“The Word is living, being, spirit, all verdant greening, all creativity. This Word manifests itself in every creature. All living creatures are sparks from the radiation of God’s brilliance, emerging from God like the rays of the sun.”
― Hildegard of Bingen
Today we celebrate the commemoration of Saint Hildegard of Bingen, a woman offering so many gifts to the church that they are hard to list. Writer, composer, mystic, and saint. In thinking about her myriad accomplishments, and the beauty of her full scope of identity, I was struck by how joyful her pursuits seemed, especially her deep love for music, all of which came out of a life marked by illness and difficult living conditions.
Hildegard, adding even more to her list of identities, was an herbalist and healer. Even down to the sprout, she saw the verdant greening as a life bearing witness to the presence of God. Maybe it’s that I don’t feel safe entering buildings, but I’ve recently been drawn into a deeper fascination with the earth. I’ve become a bit of an armchair herbalist, wondering how much healing might be hidden in leaves. I’m remembering the buds and blossoms more frequently in my prayers, looking out the window searching for green, nurturing my very own plant with fear and wonder.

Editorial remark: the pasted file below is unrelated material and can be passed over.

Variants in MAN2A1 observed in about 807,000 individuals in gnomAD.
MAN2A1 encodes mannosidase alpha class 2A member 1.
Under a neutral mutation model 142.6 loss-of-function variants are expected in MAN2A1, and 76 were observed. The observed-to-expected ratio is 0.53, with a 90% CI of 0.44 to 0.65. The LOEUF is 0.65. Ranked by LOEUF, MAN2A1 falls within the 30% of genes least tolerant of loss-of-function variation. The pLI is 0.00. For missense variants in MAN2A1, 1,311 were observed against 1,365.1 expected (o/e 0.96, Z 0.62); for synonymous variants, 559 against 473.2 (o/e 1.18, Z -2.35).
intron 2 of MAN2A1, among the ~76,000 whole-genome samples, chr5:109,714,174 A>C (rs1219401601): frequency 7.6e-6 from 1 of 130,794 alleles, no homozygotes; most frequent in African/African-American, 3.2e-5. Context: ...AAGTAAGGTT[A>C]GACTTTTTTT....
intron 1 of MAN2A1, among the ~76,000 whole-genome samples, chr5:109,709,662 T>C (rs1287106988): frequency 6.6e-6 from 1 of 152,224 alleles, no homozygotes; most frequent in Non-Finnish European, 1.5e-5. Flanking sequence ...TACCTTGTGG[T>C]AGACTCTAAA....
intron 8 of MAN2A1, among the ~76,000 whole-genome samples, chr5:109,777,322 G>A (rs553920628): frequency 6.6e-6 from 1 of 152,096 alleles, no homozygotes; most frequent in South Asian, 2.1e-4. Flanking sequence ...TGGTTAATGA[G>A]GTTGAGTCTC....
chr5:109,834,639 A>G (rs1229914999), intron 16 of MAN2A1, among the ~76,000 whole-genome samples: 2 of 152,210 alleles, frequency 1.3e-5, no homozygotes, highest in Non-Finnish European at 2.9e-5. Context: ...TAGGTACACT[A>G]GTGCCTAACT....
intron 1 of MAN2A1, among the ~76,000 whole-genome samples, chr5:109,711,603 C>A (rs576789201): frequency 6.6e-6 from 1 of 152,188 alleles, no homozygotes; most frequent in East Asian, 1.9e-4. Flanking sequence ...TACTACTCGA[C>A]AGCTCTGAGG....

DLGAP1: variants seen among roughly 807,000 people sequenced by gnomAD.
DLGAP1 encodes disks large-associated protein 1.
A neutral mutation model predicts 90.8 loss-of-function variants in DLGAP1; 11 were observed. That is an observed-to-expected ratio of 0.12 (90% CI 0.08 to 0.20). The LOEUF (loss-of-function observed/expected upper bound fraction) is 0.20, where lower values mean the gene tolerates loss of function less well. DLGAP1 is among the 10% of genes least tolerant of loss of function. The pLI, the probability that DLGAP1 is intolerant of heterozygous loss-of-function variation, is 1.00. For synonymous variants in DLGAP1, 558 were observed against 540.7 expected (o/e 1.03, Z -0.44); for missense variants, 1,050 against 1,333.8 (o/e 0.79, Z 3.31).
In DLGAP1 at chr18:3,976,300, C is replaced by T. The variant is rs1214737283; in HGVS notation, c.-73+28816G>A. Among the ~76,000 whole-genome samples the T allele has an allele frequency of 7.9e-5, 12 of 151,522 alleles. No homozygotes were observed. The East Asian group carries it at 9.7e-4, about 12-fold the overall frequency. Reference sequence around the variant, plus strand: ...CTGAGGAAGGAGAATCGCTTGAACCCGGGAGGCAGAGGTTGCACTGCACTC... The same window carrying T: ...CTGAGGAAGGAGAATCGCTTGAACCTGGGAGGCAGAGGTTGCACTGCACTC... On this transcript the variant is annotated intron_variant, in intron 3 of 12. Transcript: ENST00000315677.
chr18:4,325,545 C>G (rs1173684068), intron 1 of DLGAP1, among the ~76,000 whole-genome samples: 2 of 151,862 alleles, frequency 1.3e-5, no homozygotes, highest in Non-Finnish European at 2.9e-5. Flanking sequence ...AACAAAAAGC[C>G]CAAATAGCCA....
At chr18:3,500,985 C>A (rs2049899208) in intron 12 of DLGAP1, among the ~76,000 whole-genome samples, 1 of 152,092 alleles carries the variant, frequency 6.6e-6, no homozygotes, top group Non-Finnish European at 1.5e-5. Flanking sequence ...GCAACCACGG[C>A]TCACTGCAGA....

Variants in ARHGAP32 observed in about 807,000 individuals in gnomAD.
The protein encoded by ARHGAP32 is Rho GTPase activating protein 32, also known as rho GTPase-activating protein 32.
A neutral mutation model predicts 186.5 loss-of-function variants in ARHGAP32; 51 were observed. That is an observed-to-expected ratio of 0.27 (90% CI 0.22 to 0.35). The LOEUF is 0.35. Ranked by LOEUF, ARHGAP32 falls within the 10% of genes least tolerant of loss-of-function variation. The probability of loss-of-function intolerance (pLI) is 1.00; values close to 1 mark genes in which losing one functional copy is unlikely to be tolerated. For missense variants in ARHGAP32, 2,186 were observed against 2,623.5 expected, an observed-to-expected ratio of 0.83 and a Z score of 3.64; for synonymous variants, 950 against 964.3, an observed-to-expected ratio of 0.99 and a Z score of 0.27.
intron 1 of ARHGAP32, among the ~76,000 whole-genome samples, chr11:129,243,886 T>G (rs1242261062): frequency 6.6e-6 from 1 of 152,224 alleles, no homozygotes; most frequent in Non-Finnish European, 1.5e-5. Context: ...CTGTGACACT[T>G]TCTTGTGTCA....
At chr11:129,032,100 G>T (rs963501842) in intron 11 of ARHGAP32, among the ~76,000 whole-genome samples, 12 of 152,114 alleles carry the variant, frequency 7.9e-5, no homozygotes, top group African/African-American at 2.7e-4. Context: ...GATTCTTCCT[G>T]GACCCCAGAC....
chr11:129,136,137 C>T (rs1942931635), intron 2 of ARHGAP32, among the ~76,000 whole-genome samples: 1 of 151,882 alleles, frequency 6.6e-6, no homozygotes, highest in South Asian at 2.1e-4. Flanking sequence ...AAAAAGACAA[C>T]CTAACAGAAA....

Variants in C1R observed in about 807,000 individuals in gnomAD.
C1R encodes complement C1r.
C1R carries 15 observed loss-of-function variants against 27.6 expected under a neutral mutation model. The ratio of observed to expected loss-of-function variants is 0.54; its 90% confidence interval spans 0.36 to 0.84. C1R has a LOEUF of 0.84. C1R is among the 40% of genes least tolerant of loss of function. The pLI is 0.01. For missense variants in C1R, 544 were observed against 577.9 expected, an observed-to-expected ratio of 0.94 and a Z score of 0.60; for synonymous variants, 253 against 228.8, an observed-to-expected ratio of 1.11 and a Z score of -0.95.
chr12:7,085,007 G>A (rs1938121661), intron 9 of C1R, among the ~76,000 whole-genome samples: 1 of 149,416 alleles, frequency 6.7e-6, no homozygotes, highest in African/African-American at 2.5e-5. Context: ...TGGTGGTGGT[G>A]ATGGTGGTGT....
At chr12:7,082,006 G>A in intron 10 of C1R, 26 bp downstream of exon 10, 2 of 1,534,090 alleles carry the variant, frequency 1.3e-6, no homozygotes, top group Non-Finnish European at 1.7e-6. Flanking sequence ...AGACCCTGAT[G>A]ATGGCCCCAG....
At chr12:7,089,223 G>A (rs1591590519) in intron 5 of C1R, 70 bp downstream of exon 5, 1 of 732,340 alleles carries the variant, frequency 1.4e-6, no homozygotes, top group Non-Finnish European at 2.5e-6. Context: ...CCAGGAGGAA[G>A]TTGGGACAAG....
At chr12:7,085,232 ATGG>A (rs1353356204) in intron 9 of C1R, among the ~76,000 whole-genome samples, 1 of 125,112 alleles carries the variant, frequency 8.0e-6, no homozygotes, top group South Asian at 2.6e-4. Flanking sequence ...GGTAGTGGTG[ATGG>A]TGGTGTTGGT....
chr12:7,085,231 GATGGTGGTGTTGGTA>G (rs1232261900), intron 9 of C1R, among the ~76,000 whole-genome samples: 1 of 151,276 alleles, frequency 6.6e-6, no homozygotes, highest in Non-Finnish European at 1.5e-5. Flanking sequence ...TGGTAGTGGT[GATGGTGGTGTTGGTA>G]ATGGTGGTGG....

Right now, we are likely putting one foot in front of the other to get by; I say this because I don’t know anyone who isn’t just trying to make it from a present moment to any future. And there is nothing wrong with that. But Hildegard knew something we’d be wise to learn: joy is a part of survival. In the midst of illness, in the midst of challenge, in a time of famine, joy is not optional. Joy is the presence of hope during suffering, not the cherry on top of something already sought after. The reason joy is not optional is because it carries some of the energy we need to complete the journey from present moment to any future. Joy is also, and maybe most importantly, never as far away from us as we imagine. Even down to the sprout, we are shown the verdant greening that is an invitation into joy.
This is not meant to diminish pain, it is meant to offer hope in the midst of it. Joy as hope means it is less a hobby and more a prayer. Joy does not diminish pain; joy shows up as a balm to begin the healing process. I say joy is not optional, because we cannot opt out of the invitation from Jesus Christ to be given, even when it feels like the world is crashing down, the gift of a verdant green earth to receive the crashing.
I have experienced profound joy in two places known to Jesus: the Sea of Galilee and the Garden of Gethsemane. The Sea of Galilee held the cool, watered hope of calling, of vocation, of being drawn into the very chaos out of which God created order. The Garden of Gethsemane held the heavy, dense weight of waiting for death, but in that same truth, the hope that waiting for death means waiting for resurrection. Both were joy and neither were diminished by the other.
Hildegard knew joy in the midst of challenge; she wrote songs throughout illness. She gifts us with an invitation into joy that does not compete with our pain.
How, where, or when have you recently experienced profound joy?